Diamondbacks soak in Cinderella run, dismantle Dodgers in NLDS sweep: ‘We’ve arrived’

PHOENIX — Gabriel Moreno screamed as he rounded first base. He’d just hit what he believed to be the fourth Diamondbacks homer of a decisive third inning. An exclamation mark to perfectly punctuate a series defined by its one-sidedness.

He was celebrated by his teammates, just as the three before him who had taken the same trot. The crowd was in a frenzy. The team felt invincible.

Then, the umpires ruled the ball had gone foul.

It didn’t matter. Moreno emerged from the dugout, picked up his bat, and promptly hit a no-doubt 420-foot blast on the next pitch he saw.

The Arizona Diamondbacks not only beat the Los Angeles Dodgers 4-2 on Wednesday night. They not only defeated the Dodgers in the NLDS. They not only swept the 100-win NL West champs. They absolutely dominated them over the course of three games.

This franchise suffered through 110 losses just two seasons ago. These fans have seen their ballpark filled with Dodgers fans and have been a punching bag for a team that has long been the class of their division.

It was a moment of pure joy and catharsis as Moreno ran around the bases a second time.

An inning that will forever live on in this team’s history.

“It was amazing. I don’t have words for that moment,” Moreno shouted over the sounds of a raucous and beer-soaked clubhouse. “I just ran the bases, talking loud. I feel like my heart was racing.”

This Diamondbacks team is a true Cinderella. Only two teams have ever won 84 games or fewer and advanced to the NLCS — the 2008 Dodgers and 2006 World Series champion St. Louis Cardinals. Beyond the record, the Diamondbacks are a fairly anonymous team. They’re a mix of quirky veterans, role players and up-and-coming youngsters.

America was introduced to Brandon Pfaadt on Wednesday. The rookie shoved for 4 1/3 shutout innings. Geraldo Perdomo, who hit the icebreaking third-inning homer? He’s hit only 11 career major-league blasts. This team is introducing itself to baseball fans everywhere. And it did so by dismantling a team full of All-Stars, MVPs and Cy Young winners.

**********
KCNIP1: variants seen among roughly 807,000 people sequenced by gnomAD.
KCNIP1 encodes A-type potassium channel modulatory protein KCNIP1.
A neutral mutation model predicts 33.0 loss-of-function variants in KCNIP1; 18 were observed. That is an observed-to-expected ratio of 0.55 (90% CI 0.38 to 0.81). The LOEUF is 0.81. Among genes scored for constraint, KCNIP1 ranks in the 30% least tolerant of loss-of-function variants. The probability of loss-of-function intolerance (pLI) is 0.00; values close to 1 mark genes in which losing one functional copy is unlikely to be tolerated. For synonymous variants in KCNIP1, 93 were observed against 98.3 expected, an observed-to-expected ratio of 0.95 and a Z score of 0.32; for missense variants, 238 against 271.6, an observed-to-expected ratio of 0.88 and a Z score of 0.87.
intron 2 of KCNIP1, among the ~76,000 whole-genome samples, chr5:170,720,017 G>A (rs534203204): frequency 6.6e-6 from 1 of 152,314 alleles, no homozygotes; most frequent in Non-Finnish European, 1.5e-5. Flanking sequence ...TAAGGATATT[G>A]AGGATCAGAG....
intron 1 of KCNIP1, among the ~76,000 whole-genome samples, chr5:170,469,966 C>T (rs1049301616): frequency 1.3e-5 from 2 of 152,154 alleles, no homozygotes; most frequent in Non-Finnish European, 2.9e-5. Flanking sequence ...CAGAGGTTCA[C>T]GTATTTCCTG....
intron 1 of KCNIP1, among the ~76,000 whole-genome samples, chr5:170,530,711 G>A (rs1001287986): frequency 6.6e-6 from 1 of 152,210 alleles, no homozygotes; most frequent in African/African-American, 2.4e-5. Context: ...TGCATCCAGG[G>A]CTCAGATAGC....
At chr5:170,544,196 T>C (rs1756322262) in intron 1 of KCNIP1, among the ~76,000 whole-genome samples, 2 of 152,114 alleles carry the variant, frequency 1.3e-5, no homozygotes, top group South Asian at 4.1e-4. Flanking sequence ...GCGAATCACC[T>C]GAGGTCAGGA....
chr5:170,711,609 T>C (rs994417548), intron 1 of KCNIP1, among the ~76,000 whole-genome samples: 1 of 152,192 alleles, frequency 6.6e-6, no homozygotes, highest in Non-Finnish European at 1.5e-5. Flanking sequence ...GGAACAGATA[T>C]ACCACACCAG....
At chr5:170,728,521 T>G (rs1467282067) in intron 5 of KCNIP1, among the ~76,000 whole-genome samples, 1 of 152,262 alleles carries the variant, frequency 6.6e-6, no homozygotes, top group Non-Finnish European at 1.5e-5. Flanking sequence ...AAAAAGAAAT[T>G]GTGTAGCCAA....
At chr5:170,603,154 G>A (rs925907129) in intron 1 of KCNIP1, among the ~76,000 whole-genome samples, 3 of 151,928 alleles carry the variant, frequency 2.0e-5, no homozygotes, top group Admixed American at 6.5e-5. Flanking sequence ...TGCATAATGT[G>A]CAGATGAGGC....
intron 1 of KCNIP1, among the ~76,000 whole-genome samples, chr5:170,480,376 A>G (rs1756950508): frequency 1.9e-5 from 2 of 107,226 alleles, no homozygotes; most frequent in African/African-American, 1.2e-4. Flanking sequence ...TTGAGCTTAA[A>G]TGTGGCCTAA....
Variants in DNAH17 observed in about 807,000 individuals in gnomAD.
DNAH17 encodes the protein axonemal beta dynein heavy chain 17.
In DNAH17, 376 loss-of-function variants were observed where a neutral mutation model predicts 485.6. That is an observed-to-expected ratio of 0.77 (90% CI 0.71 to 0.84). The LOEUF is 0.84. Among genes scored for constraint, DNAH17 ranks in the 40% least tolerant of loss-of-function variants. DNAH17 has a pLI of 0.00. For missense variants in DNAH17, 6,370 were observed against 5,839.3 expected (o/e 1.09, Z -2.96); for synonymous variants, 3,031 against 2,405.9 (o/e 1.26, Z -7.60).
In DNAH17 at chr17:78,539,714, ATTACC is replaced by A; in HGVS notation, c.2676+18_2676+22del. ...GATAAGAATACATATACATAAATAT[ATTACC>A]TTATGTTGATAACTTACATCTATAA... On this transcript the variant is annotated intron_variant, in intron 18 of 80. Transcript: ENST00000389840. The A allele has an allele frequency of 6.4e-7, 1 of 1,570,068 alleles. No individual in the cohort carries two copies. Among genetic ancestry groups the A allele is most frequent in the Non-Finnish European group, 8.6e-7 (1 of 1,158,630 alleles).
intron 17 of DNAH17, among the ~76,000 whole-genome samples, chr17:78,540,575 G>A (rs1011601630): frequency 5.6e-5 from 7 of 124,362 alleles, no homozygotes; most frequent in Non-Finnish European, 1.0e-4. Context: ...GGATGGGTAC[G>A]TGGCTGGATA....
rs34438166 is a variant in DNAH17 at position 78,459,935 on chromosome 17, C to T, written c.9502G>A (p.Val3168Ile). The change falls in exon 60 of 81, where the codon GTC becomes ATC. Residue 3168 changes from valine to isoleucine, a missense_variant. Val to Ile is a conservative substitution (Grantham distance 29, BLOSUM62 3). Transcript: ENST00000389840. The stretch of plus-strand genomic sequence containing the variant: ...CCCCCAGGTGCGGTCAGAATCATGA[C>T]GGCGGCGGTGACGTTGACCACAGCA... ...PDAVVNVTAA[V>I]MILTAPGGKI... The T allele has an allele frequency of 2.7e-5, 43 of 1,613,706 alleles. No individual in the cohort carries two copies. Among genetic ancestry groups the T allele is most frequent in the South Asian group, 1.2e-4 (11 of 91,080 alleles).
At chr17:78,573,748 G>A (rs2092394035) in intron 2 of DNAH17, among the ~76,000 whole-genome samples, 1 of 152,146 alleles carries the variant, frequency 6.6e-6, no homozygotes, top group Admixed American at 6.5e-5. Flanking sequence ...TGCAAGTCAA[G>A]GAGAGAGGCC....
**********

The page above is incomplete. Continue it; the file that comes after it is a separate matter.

“I don’t think anybody gave us a chance to be here,” Diamondbacks manager Torey Lovullo said. “I don’t think anybody gave us a chance to win the games that we’ve won against the teams that we had to play. … We’re a good baseball team and we’ve arrived.”

The Dodgers have tortured this franchise. Not just in the last four years, when they beat Arizona 31 of 38 times. The last time the Diamondbacks were in the postseason was 2017. That series ended in a Dodgers sweep, at Chase Field, with Los Angeles spraying champagne.

This time, it was the Diamondbacks. Their party moved to the pool beyond the outfield wall. Players chanted the names of team staffers to cannonball their way into the water. Paul Sewald, who closed the game, waved to his young daughter, who watched from center field.

Lovullo, the seventh-year manager, joked that it’d take a few more glasses of champagne to express how he really felt about sweeping their rival. But the postgame scenes said everything.

“They’re a great team, but we’re a great team too,” outfielder Alek Thomas said. “We shouldn’t be worried about what their payroll is or who they’ve got over there. We’re just worried about what’s right in here in this clubhouse. You saw that this series.”

This series started with Arizona scoring six runs in the first inning against Clayton Kershaw. He was chased after recording one out. Then in Game 2, the Diamondbacks again put three runs up before the Dodgers even batted. In Game 3, Perdomo, Ketel Marte, Christian Walker and Moreno demolished Lance Lynn into oblivion.

The three Dodgers starters lasted a combined total of 4 2/3 innings and allowed 13 runs this series. They never stood a chance against a Diamondbacks team that finished 16 games behind them in the standings this season.

“To be able to look in the mirror and be able to say, ‘We got this, we can do this,’” Walker said, “I think that’s the only part that we need.”

The game had been over for nearly an hour, but a Diamondbacks fan was sitting alone in the second row behind their dugout. He wore a jersey and held a sign that said “Dyed my hair for the playoffs.”

Many fans stayed in their seats long after the final out was recorded. So often, it’s Dodgers fans who populate more than half of the Chase Field faithful when their team rolls through. That was not the case Wednesday. They earned the right to soak in a celebration they’ve long waited to witness.

The Diamondbacks clinched at home, but it was after a loss. They took down the Milwaukee Brewers, but that was on the road. This was more meaningful.

This team backed its way into the playoffs, losing four in a row with a non-existent offense. It fell behind by three runs to start the Wild Card Series. It would have been really easy for this to be a quick playoff exit. The Diamondbacks could have bowed out believing their young talent would materialize better in the years to come.

Instead, this group has spent the last week doing something special. They’re not only winning in the playoffs, thus far, they’re running the table.

Evan Longoria was asked about what it meant, not just to win, but to pick apart this Dodgers team. How did he feel as he stood there in a jubilant clubhouse?

A big grin came over his face. And it only widened as a teammate snuck up behind him and dumped an entire bottle directly on his head.

“I’m happy,” the 38-year-old said as he giggled, beer streaming down his body. “I’m happy. This is a special group of guys. Belief is a very strong thing.”

(Photo: Elsa / Getty Images)

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